Performance Nutrition

For those of you thinking about how this kind of training may affect your waistlines or how you can improve your diet through good nutrition, please remember this very important fact: You cannot out-train a bad diet.

Protein is very important to the fitness enthusiast and athlete, but the amount of protein we get in our diet is important as well. Not enough and we don't support basic muscle growth and repair. Too much and its just extra calories. Protein intake should be based roughly on activity level and lean body mass, not a one size fits all diet that allows for starvation and/or gluttony. Likewise, the macronutrients we use for energy, fat and carbohydrates, matter a great deal both in portion size and their general make-up. You can feed identical twins the exact same number of calories every day, but if the foods and meal timing are different, you will see a big difference in body composition. Spaghetti and meatballs is NOT the same as grilled flank steak and a sweet potato.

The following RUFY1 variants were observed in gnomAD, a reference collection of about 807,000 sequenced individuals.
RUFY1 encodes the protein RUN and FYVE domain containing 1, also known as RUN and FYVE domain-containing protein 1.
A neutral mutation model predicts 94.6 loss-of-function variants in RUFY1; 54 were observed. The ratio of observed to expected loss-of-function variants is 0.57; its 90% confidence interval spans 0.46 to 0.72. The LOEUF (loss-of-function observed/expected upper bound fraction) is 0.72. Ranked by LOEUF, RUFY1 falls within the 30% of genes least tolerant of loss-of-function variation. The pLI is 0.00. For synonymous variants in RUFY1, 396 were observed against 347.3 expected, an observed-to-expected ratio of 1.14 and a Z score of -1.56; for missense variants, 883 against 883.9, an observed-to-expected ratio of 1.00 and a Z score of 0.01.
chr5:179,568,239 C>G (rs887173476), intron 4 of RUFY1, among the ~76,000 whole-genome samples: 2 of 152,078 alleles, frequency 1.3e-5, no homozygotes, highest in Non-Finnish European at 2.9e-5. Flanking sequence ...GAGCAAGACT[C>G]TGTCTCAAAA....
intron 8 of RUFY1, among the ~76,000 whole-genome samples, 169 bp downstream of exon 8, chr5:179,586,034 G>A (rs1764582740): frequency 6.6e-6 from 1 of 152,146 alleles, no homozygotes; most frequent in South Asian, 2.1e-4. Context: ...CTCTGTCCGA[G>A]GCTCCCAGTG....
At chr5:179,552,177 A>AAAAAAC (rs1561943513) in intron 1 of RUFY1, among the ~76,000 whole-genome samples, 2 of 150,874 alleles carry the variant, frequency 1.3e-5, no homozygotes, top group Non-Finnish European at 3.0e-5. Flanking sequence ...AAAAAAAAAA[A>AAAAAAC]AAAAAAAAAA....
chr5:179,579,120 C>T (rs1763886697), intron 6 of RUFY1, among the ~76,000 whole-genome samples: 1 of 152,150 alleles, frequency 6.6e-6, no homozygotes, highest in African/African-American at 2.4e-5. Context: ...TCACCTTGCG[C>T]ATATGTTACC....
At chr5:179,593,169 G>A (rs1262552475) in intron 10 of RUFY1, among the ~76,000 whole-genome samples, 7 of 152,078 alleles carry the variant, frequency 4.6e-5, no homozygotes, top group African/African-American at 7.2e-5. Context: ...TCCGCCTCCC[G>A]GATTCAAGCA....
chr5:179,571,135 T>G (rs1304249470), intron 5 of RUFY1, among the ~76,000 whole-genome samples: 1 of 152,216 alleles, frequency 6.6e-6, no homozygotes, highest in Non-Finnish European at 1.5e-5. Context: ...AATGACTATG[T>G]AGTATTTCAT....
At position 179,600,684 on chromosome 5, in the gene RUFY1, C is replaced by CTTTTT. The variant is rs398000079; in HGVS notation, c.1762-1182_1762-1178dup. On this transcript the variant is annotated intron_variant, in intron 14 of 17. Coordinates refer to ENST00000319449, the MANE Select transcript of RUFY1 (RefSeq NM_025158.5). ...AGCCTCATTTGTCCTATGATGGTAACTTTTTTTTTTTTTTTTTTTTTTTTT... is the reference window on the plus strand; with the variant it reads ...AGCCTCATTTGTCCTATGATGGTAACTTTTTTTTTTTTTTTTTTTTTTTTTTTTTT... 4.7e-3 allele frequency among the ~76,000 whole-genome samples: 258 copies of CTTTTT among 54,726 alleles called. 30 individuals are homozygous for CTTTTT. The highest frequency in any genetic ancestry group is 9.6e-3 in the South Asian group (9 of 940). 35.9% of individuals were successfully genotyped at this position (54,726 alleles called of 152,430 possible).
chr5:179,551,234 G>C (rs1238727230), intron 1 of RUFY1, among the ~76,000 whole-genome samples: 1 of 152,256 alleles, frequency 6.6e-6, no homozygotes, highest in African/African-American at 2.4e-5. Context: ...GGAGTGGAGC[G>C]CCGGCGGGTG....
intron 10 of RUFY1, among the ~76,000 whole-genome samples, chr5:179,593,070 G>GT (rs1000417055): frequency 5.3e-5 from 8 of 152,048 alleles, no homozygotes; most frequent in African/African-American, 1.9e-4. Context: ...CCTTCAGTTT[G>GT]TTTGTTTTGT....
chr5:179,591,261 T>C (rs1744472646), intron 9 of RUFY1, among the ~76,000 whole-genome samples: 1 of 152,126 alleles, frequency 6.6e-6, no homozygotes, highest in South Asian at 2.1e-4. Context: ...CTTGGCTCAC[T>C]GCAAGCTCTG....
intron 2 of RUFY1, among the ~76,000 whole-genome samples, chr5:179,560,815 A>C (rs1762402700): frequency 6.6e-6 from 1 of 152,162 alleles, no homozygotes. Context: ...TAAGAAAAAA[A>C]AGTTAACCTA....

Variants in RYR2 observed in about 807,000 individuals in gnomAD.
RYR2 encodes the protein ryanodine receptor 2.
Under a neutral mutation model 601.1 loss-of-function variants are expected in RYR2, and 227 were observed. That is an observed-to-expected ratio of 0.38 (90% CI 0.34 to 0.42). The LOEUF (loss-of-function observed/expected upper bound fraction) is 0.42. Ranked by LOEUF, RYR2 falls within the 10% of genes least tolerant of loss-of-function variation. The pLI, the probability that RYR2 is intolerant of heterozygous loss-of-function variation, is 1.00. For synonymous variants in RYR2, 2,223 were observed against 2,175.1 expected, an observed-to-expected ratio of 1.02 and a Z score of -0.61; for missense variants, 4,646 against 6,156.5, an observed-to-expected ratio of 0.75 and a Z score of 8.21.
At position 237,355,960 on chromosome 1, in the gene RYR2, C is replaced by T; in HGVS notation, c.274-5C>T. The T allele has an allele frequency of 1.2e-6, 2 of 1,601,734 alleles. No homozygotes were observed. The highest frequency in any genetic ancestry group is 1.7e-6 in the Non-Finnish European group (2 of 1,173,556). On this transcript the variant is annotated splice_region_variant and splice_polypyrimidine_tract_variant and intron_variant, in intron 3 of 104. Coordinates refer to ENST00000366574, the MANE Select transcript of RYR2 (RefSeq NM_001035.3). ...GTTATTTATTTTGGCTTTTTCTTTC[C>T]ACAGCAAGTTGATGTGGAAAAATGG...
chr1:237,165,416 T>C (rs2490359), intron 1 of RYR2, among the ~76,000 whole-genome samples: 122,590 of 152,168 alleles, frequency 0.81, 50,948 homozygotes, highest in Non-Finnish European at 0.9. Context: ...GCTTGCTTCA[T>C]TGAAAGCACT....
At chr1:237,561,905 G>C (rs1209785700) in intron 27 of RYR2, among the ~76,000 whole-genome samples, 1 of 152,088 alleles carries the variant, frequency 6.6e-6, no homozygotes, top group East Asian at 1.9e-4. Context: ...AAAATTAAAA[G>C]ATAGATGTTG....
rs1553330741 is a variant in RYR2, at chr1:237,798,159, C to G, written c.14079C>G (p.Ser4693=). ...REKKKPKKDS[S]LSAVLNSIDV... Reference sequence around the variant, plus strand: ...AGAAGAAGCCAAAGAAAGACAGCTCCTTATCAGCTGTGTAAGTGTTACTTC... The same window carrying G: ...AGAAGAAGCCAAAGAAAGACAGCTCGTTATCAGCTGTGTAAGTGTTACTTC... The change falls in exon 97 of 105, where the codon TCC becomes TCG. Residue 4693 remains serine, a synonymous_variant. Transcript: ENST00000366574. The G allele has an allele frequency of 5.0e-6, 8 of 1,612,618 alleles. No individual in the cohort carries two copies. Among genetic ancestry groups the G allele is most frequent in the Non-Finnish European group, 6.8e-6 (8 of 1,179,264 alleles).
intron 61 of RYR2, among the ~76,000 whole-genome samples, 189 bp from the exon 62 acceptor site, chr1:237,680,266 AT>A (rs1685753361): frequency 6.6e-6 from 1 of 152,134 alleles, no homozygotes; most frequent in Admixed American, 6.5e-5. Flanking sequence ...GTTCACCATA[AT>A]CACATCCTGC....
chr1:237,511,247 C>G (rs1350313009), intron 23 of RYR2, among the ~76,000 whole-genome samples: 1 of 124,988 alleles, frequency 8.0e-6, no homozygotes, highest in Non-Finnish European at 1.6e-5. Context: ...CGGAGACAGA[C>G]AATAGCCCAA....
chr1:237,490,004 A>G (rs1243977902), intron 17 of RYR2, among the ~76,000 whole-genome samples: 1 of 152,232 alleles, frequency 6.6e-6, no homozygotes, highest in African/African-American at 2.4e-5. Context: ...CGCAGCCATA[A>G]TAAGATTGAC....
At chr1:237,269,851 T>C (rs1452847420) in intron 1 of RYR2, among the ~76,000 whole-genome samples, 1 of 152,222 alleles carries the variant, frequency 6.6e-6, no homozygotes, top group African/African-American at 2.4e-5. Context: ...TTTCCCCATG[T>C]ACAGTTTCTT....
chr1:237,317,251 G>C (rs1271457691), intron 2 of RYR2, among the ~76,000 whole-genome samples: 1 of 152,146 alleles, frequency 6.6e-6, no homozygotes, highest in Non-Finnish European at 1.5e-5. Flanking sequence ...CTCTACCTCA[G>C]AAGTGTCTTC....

One other very important thing to consider when it comes to fat loss.  Working out hard for an hour does not usually make up for having a mostly sedentary day (sitting and typing, light housework, etc.).  You must get up and move or your training and diet will be very difficult to help you reach your goals.  For some folks, this means an early morning weight session and an evening cardio session, even if it's just an after-dinner walk at a good pace. 

Here is an article to get you started:  Time to talk diet . . .

For a free on-line tool to help track your diet, try My Fitness Pal